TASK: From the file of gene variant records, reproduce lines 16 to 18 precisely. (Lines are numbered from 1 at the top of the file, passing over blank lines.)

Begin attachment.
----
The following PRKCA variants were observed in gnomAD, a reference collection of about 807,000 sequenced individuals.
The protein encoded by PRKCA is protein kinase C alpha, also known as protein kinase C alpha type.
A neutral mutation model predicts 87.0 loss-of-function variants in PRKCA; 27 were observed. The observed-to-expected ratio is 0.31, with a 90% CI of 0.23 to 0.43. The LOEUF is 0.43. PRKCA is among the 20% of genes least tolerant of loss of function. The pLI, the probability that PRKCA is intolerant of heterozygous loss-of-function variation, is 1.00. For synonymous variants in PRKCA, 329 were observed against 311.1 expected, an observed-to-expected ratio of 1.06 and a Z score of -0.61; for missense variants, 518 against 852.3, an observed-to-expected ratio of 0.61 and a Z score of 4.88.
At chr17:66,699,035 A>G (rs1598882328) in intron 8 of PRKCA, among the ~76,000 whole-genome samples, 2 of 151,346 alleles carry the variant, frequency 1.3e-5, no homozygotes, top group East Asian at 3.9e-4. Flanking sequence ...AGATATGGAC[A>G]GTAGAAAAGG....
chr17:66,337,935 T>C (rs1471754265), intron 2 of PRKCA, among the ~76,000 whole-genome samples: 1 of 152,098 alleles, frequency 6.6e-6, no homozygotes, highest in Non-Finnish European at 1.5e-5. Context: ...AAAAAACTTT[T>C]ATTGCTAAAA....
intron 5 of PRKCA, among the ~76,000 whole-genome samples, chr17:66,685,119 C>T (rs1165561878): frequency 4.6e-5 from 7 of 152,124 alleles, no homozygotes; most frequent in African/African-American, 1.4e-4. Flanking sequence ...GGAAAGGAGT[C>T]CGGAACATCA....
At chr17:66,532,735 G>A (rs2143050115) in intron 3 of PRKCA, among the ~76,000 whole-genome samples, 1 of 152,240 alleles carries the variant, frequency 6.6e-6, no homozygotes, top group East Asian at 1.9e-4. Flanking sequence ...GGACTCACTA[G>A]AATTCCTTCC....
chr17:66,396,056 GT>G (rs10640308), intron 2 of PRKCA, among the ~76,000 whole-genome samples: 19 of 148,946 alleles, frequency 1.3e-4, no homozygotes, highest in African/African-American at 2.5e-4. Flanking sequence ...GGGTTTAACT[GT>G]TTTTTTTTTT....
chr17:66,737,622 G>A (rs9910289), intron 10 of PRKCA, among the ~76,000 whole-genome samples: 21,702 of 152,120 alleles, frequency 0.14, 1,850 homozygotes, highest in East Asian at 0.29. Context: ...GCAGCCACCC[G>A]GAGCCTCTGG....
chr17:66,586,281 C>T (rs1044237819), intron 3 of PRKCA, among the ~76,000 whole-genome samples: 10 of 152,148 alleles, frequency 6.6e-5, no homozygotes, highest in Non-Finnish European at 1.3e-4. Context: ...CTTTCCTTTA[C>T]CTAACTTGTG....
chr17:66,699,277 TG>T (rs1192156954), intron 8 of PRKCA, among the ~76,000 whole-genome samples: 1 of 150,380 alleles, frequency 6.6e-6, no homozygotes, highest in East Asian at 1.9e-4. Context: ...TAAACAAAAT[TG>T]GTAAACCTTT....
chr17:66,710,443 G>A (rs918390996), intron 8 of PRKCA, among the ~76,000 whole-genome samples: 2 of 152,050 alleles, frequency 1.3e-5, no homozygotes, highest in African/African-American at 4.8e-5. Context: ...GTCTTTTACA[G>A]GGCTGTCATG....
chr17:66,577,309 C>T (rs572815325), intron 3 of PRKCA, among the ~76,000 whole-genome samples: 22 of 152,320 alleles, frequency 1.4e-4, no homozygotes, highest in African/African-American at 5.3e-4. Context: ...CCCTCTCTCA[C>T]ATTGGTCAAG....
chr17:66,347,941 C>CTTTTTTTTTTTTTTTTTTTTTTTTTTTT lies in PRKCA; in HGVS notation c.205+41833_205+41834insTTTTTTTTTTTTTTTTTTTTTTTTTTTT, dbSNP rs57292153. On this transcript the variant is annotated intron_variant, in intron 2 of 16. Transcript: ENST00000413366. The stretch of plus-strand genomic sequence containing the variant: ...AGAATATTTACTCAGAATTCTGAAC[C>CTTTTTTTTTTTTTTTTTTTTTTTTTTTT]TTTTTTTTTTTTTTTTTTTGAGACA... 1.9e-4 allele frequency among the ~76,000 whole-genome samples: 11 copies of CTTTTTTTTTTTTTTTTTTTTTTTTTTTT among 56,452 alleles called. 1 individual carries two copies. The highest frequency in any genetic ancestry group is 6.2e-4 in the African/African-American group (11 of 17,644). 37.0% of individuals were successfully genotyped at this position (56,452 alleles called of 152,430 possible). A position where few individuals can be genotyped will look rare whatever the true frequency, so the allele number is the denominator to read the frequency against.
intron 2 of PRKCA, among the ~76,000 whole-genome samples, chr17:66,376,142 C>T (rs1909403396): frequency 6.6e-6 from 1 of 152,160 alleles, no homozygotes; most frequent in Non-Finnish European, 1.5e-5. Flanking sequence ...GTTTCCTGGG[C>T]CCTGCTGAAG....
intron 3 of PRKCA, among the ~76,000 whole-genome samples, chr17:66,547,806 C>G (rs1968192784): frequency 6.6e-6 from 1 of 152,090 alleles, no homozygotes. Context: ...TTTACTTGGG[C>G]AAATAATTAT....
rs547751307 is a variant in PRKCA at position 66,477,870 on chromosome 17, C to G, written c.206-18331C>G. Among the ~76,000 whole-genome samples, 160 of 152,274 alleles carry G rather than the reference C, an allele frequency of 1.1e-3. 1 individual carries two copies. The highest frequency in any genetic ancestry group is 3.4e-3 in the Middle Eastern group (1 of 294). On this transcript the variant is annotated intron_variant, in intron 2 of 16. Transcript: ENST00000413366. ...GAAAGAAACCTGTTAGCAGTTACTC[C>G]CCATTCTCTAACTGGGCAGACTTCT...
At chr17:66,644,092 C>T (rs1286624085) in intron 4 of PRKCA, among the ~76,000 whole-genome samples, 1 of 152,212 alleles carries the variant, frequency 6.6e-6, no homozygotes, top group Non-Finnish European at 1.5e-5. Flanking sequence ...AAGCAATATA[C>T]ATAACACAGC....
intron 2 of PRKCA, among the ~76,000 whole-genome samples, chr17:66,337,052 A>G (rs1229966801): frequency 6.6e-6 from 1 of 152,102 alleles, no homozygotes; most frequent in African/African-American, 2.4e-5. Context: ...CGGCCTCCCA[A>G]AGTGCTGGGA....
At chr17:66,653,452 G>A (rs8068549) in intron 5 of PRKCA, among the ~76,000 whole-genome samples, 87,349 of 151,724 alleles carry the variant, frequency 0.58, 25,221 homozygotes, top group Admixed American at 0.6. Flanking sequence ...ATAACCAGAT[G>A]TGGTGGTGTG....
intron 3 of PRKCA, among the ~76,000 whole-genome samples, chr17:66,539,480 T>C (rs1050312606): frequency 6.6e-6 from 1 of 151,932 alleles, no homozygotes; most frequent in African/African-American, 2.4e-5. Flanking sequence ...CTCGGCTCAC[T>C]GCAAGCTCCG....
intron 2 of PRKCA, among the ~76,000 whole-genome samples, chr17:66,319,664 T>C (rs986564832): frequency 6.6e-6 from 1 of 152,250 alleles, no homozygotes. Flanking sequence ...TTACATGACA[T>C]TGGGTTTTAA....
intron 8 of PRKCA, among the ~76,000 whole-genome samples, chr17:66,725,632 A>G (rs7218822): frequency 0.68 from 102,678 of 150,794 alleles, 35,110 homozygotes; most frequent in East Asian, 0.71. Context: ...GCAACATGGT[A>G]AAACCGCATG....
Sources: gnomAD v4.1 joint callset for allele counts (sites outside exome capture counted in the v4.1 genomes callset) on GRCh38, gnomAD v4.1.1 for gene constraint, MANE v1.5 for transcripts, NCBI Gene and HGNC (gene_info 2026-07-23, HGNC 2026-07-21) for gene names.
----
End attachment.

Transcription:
intron 3 of PRKCA, among the ~76,000 whole-genome samples, chr17:66,547,806 C>G (rs1968192784): frequency 6.6e-6 from 1 of 152,090 alleles, no homozygotes. Context: ...TTTACTTGGG[C>G]AAATAATTAT....
rs547751307 is a variant in PRKCA at position 66,477,870 on chromosome 17, C to G, written c.206-18331C>G. Among the ~76,000 whole-genome samples, 160 of 152,274 alleles carry G rather than the reference C, an allele frequency of 1.1e-3. 1 individual carries two copies. The highest frequency in any genetic ancestry group is 3.4e-3 in the Middle Eastern group (1 of 294). On this transcript the variant is annotated intron_variant, in intron 2 of 16. Transcript: ENST00000413366. ...GAAAGAAACCTGTTAGCAGTTACTC[C>G]CCATTCTCTAACTGGGCAGACTTCT...
At chr17:66,644,092 C>T (rs1286624085) in intron 4 of PRKCA, among the ~76,000 whole-genome samples, 1 of 152,212 alleles carries the variant, frequency 6.6e-6, no homozygotes, top group Non-Finnish European at 1.5e-5. Flanking sequence ...AAGCAATATA[C>T]ATAACACAGC....